Here are key dates in the history of BlackBerry, the struggling Canadian smartphone maker which agreed Monday to a $4.7 billion buyout.
2003: Canada-based Research in Motion, a little-known maker of pagers, launches the BlackBerry smartphone, named such because its physical keyboard resembled the small drupelets of the blackberry fruit. It attracts people who want email as well as a phone on a mobile device, and its secure network is favored by companies and governments. RIM shares quadruple during the year to nearly $15.
October 2007: BlackBerry counts more than 10 million subscribers, just months after Apple launches its iPhone. A month later, Google joins major wireless carriers and handset makers HTC and Samsung in announcing Android, an open-source operating system for smartphones.
June 2008: RIM shares hit all-time high $144.56, before the global stock market meltdown.
February 2009: RIM subscribers top 50 million, an the company announces an expansion with thousands of new hires.
April 2010: Apple launches the iPad tablet. RIM responds a year later with the PlayBook tablet, which falls flat.
July 2011: The number of iPhone users surpasses those of BlackBerry in the US market. Shares fall and the company announces it will cut 2,000 jobs, 11 percent of its workforce.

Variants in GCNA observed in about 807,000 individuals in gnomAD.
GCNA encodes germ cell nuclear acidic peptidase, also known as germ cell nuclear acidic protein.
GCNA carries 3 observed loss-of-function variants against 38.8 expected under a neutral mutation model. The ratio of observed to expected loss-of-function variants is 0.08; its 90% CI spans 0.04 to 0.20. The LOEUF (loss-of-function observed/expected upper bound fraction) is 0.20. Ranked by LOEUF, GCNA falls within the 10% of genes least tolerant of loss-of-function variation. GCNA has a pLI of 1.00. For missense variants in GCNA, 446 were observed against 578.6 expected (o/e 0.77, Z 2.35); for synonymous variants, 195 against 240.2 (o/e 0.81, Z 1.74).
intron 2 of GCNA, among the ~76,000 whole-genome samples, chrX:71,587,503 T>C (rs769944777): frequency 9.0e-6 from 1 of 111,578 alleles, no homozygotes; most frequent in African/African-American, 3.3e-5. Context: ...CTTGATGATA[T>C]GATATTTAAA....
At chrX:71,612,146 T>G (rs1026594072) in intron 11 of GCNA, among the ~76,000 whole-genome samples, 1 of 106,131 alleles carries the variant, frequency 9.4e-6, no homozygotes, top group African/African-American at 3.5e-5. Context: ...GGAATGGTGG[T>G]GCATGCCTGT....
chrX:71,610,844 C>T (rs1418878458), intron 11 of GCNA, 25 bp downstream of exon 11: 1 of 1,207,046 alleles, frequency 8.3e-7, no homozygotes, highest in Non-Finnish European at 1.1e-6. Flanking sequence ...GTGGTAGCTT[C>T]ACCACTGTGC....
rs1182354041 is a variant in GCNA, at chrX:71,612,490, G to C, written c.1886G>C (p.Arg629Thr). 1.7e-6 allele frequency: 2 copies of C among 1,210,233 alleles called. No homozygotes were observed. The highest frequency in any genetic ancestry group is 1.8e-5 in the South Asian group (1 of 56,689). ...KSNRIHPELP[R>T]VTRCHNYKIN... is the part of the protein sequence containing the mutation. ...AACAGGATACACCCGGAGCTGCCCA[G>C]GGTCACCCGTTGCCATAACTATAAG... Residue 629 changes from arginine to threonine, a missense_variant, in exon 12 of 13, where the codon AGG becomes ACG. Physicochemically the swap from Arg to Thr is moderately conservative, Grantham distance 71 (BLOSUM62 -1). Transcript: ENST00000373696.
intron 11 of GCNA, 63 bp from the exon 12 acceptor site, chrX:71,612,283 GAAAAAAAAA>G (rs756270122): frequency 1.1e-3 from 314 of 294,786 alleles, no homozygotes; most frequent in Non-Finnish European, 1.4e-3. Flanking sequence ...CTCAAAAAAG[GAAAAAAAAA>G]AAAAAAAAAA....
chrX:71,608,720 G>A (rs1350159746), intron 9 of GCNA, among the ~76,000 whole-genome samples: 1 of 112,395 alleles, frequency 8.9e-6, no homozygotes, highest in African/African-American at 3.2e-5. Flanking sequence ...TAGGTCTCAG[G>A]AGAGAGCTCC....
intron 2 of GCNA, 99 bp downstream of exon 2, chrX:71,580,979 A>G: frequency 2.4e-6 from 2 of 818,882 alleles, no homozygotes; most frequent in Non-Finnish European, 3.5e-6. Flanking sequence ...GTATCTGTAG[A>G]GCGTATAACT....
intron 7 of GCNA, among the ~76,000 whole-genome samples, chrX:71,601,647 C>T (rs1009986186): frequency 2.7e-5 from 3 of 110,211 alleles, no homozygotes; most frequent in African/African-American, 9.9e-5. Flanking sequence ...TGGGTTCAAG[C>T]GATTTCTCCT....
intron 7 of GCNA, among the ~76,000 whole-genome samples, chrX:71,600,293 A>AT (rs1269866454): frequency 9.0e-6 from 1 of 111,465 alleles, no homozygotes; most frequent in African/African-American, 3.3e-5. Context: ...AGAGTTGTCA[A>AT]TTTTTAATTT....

October 2011: BlackBerry users in Europe, the Middle East, Africa, India, and South America are hit by a service outage lasting several days, and shares sink below $25.
November 2011: More than half the smartphones sold worldwide in the third quarter are Android-powered, some 60.5 million units, while BlackBerry sinks to an 11 percent market share on sales of 12.7 million units. BlackBerry users suffer more service problems.
January 2012: With RIM's share price now below $16 and the company clearly struggling, founders Jim Balsillie and Mike Lazaridis resign as co-CEOs. They are replaced by chief operating officer Thorsten Heins who two months later releases quarterly earnings showing a loss.
May 2012: RIM warns of another quarterly loss and hires JP Morgan Securities and RBC Capital Markets to study its strategic options. Days later the company cuts 5,000 jobs and says its new platform will be delayed. Shares sink below $10.
January 30, 2013: RIM launches its new platform, BlackBerry 10, two new handsets aimed at the iPhone and Android market, changes the company name to BlackBerry, and recruits singer Alicia Keys as its creative director.
June 28: BlackBerry posts an unexpected loss of $84 million, sending shares lower and hurting confidence in a rebound. Shipments of the new Z10 and Q10 phones, aimed at competing with Apple and Android, are a disappointing 2.7 million for the past quarter.
August 12: BlackBerry announces it is studying "strategic alternatives," including the possibility of selling off the firm.
September 20: The company says it will cut 4,500 jobs, or 40 percent of the workforce, with a looming loss of $1 billion due largely to a weak response to its new devices.
September 23: BlackBerry agrees to a $4.7 billion buyout by a consortium of investors who plan to take the smartphone maker private.